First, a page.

57% of college students think their Facebook postings aren't vile at ALL!

Filed Under: Facebook, Featured, Social networks, Twitter

Party guy. Image courtesy of Shutterstock57% of college students view their Facebook postings through rose-tinted glasses, blithely seeing nothing inappropriate.

That's a dangerous perception mismatch, given that at least one previous industry survey found that 69% of recruiters have rejected candidates because of what their social media personas reveal.

The figures concerning students' blissful ignorance come out of a new study from Persona, a social media utility dedicated to helping Facebook, Twitter, and Google+ users protect their professional reputations.

According to the earlier industry survey about recruiters' use of social media to screen job applicants, which was done in 2011 by the online image management company TrustedID Reppler and posted on CNN, out of about 300 recruiters surveyed, the vast majority - 91% - said that they trawl the internet to screen job candidates.

In fact, recruiters are nearly unanimous: Persona cites a 2012 Jobvite survey that found that 92% of recruiters planned to mine social media for recruiting.

So, where do college students get the idea that their postings are pristine?

It's not ignorance at work: 71% of students surveyed by Persona believe that Facebook profiles are "influential" or "very influential" components of hiring decisions.

In spite of that, students aren't clearing away their tracks. Some of the survey's findings:

  • 55% "never" delete or untag inappropriate photos and posts, or do so only "once a year."
  • 80% would feel "comfortable" or "very comfortable" if a recruiter examined their profiles.
  • 57% rely on privacy settings rather than actively monitoring their profiles.

Could it be that students aren't aware of what, exactly, a potential employer might find objectionable with, for example, pictures of candidates face-down in their oatmeal after one too many?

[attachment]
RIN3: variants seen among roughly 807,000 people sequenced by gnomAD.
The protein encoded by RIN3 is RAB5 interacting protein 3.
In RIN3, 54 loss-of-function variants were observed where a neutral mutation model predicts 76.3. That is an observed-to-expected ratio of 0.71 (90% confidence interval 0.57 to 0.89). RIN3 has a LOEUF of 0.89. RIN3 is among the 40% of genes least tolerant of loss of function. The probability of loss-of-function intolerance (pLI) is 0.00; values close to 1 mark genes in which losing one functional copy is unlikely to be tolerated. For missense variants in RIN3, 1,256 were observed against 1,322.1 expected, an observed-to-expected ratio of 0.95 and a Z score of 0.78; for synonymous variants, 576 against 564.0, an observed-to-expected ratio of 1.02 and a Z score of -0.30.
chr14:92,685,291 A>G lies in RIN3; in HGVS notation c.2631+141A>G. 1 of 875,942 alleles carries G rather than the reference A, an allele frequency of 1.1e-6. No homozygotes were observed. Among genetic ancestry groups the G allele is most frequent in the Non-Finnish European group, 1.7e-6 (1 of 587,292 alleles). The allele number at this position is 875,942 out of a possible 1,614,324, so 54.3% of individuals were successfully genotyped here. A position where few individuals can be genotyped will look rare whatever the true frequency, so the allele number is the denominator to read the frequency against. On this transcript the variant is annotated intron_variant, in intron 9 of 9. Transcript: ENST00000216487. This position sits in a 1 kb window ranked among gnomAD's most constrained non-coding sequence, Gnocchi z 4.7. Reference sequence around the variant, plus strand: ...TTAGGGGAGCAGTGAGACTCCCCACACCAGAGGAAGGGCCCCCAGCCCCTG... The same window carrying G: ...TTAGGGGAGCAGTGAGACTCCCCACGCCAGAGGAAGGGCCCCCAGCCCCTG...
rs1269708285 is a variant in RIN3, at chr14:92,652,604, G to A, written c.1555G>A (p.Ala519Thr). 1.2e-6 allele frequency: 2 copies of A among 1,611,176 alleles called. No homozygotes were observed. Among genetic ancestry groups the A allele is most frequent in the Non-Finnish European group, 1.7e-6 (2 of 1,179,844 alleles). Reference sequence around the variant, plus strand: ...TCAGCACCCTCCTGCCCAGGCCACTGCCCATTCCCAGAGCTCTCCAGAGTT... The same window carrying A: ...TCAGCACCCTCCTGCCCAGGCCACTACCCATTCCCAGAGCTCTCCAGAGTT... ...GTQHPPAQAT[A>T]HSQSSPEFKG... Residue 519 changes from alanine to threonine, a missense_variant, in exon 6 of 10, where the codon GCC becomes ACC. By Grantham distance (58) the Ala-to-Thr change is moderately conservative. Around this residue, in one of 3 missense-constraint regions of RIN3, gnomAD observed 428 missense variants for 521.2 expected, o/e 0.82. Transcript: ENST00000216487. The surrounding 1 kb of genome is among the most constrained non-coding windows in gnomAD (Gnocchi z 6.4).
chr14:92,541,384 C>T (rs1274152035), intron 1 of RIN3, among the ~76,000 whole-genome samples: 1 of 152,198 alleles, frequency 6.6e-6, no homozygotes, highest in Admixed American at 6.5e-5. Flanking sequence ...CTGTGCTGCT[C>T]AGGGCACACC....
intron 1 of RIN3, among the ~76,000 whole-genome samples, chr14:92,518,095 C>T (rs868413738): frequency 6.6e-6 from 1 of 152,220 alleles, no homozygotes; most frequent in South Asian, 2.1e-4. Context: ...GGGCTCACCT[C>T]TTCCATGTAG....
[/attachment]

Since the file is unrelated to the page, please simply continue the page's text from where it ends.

Students, I'm here to help. Read on.

In an April 2012 write-up of a CareerBuilder survey of some 2,300 hiring managers, AOL Jobs' David Schepp reported that those responsible for hiring were turned off by these categories of social media missteps:

  • Candidate's provocative/inappropriate photos/comments: 49%
  • Candidate drinking or using drugs: 45%
  • Candidate had "poor communication skills": 35%
  • Candidate bad-mouthed a previous employer: 33%
  • Candidate made discriminatory comments related to race, gender or religion: 28
  • Candidate lied about qualifications: 22%

Sophos has recently been pumping readers full of tips on keeping safe on Facebook, plus some further tips and tricks for Facebook, like how to block someone, or remove certain posts.

Facebook. Image courtesy of ShutterstockIf college students need further help with keeping safe on Facebook, as in, keeping safe their chances of ever getting hired, it would behoove them to take a peek at one site that collates truly embarrassing Facebook postings.

If anything on that site raises a sense of déjà vu, you've got some cleaning up to do.

It's not just students who need to be taken to task, here.

None of us should trust privacy settings to block all the inadvisable things our friends post.